A must-read for anyone involved in the creative process

4 things you can learn from Austin Kleon’s ‘Show Your Work’

Enjoy Being an Amateur

We’re all terrified of being revealed as amateurs. We take our work seriously, so we like to take ourselves seriously. But today, it is the amateur who often has the advantage over the professional. The amateur can take risks that a professional can’t. The amateur has nothing to lose. The amateur is willing to try anything, then share the results of what they learnt. Amateurs might lack formal training, but they’re all lifelong learners and they make a point of learning in the open so that others can then learn from their failures and successes.

Think process, not products

TAKE PEOPLE BEHIND THE SCENES
When a painter talks about her “work”, she could be talking about two different things:
The ‘Artwork’. This is the finished piece, like the painting that gets framed and hung on the gallery wall, Or, the ‘art WORK’. This is the day-to-day work of creating the art. This is all of the stuff that goes on behind the scenes in her studio – the ideas, the searching for inspiration, the initial sketches, the mixing of the colours, then the act of applying oil to canvas. There’s PAINTING the noun (the thing you end up with) and PAINTING the verb (the act of doing the work). You can apply this concept more broadly to your work and view things as either the PRODUCT or the PROCESS. Traditionally, artists only ever shared their products and kept the process a secret just to themselves. In the past, an artist was supposed to toil away in secrecy, hidden away from the outside work, keep her ideas to herself and keeping her work under lock and key, waiting until she has a magnificent product to show and at which point tries to connect with an audience. That might have made sense in the pre-digital age, when it was too hard or too cost to share thing from your journey. But today,. By taking advantage of the internet and social media, an artist can share what she wants whenever she wants with whomever she wants at almost no cost. She can share those inspirations in the early phases, she can share the tools she’s using as she progresses, she can blog about her influences or post pictures of her sketches or post videos of her work-in-progress. By opening yourself and your work to the ‘real’ world, you can not only begin to connect with your audience sooner, you can get the vital feedback you need to make changes or improvements along the way (rather than slaving away in hiding until it’s ‘done’ only to find out that no one wants it).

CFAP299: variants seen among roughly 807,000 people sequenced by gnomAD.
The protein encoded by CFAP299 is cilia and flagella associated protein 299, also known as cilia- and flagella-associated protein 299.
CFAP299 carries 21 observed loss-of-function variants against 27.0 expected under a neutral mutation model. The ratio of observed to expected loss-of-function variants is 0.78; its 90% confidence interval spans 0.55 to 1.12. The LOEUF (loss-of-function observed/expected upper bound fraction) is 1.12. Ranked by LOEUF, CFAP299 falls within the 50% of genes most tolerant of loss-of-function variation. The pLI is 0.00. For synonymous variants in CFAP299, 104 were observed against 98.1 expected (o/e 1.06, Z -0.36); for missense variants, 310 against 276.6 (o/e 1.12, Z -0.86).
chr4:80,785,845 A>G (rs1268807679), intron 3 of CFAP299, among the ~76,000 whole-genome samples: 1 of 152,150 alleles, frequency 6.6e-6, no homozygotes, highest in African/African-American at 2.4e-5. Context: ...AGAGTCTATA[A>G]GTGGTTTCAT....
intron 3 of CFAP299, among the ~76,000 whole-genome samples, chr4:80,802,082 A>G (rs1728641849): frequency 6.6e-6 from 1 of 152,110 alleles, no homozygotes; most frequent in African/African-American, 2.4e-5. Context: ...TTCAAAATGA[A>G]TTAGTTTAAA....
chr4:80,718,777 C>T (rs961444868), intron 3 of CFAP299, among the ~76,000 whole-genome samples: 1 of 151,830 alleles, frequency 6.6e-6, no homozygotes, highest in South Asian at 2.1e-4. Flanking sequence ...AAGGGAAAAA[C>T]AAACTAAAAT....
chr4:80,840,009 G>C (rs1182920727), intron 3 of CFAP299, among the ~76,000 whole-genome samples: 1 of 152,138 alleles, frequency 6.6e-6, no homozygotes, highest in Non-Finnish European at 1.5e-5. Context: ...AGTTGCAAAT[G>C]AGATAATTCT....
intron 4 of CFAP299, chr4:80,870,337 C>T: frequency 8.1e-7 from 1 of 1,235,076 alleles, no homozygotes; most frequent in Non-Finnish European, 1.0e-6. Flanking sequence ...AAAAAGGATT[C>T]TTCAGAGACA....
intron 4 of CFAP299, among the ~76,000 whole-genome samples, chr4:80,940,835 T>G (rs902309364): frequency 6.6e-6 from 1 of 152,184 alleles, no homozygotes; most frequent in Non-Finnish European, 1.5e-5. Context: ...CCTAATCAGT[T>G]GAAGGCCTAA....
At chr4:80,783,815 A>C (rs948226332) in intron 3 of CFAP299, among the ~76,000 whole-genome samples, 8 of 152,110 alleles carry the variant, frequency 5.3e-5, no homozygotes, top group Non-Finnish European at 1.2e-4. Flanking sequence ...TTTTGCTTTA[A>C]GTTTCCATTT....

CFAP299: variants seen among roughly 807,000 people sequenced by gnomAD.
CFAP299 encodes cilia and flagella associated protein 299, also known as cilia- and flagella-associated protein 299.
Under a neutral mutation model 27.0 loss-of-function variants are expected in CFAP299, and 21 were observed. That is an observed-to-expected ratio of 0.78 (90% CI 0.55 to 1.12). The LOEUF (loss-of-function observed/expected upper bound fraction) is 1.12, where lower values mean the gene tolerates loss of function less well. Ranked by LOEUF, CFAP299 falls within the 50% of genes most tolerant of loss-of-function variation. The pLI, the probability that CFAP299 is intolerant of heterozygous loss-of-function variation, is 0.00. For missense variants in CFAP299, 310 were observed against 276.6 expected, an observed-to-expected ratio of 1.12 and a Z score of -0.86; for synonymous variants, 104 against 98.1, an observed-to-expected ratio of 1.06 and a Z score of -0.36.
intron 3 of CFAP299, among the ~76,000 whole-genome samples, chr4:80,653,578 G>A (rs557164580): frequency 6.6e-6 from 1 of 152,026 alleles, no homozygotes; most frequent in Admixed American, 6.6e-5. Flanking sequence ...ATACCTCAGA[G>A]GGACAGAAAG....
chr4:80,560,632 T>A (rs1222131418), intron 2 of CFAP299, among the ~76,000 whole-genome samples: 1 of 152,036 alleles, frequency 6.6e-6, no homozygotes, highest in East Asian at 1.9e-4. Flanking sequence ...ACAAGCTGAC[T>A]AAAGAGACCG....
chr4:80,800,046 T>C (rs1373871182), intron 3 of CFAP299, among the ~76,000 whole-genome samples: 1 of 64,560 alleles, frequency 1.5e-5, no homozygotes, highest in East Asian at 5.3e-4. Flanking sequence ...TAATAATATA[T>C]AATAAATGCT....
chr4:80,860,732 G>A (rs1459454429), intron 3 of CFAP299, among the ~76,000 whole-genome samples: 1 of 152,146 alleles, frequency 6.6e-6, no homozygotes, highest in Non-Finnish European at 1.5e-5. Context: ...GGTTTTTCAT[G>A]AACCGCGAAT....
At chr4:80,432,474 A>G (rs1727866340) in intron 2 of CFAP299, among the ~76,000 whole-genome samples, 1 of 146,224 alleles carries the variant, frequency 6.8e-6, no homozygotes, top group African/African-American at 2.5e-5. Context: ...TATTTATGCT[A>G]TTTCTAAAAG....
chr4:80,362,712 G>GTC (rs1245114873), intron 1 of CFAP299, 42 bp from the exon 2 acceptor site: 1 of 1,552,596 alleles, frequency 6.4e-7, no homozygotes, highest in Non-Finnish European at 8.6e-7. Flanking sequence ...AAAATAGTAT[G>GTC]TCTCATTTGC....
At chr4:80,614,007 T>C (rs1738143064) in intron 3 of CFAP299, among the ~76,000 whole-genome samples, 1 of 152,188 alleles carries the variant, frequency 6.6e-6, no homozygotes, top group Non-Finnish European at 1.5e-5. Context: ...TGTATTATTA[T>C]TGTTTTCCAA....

Learn to take a punch

LET ‘EM TAKE THEIR BEST SHOT
When you put your work out into the world, you have to be ready for the good, the bad, and the ugly. The more people come across your work, the more criticism you’ll face.
Here’s how to take a punch:
Brian Michael Bendis: “The trick is not caring what EVERYBODY thinks of you and just caring about what the RIGHT people think of you”. You don’t need to show your work to everyone, you just need to show your work to the right people.

Stick around

CHAIN SMOKE
When you finish a project, whether you’ve just won big or struck out, you still have to face the question: “What’s Next?”. Every author knows that your last book isn’t going to write the next one for you, every artist knows that just by doing one painting doesn’t mean that the next one will be a sinch. If you look at artists who’ve managed to achieve lifelong careers, you detect the same pattern: they all have been able to persevere, regardless of success or failure:

Austin Kleon calls this: chain smoking. Avoid stalling in your career by never losing momentum. Instead of taking breaks between projects, waiting for feedback, and worrying about what’s next – use the end of one project to light up the next one. Just do the work that’s in front of you, and when it’s finished, ask yourself what you missed/what you could’ve done better / what you couldn’t get to – then use that to jump right in to the next project